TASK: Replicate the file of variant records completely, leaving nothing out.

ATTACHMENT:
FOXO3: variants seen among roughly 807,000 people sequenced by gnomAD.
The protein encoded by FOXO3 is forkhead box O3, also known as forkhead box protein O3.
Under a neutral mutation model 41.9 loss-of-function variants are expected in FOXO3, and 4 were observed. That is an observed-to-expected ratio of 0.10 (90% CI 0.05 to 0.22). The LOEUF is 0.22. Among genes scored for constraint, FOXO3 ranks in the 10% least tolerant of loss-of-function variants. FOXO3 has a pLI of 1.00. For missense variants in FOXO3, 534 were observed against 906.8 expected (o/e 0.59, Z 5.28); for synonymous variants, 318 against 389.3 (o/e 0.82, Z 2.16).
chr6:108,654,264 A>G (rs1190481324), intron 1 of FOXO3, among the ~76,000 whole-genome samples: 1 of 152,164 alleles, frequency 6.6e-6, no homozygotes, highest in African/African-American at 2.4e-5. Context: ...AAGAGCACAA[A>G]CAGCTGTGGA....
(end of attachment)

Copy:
FOXO3: variants seen among roughly 807,000 people sequenced by gnomAD.
The protein encoded by FOXO3 is forkhead box O3, also known as forkhead box protein O3.
Under a neutral mutation model 41.9 loss-of-function variants are expected in FOXO3, and 4 were observed. That is an observed-to-expected ratio of 0.10 (90% CI 0.05 to 0.22). The LOEUF is 0.22. Among genes scored for constraint, FOXO3 ranks in the 10% least tolerant of loss-of-function variants. FOXO3 has a pLI of 1.00. For missense variants in FOXO3, 534 were observed against 906.8 expected (o/e 0.59, Z 5.28); for synonymous variants, 318 against 389.3 (o/e 0.82, Z 2.16).
chr6:108,654,264 A>G (rs1190481324), intron 1 of FOXO3, among the ~76,000 whole-genome samples: 1 of 152,164 alleles, frequency 6.6e-6, no homozygotes, highest in African/African-American at 2.4e-5. Context: ...AAGAGCACAA[A>G]CAGCTGTGGA....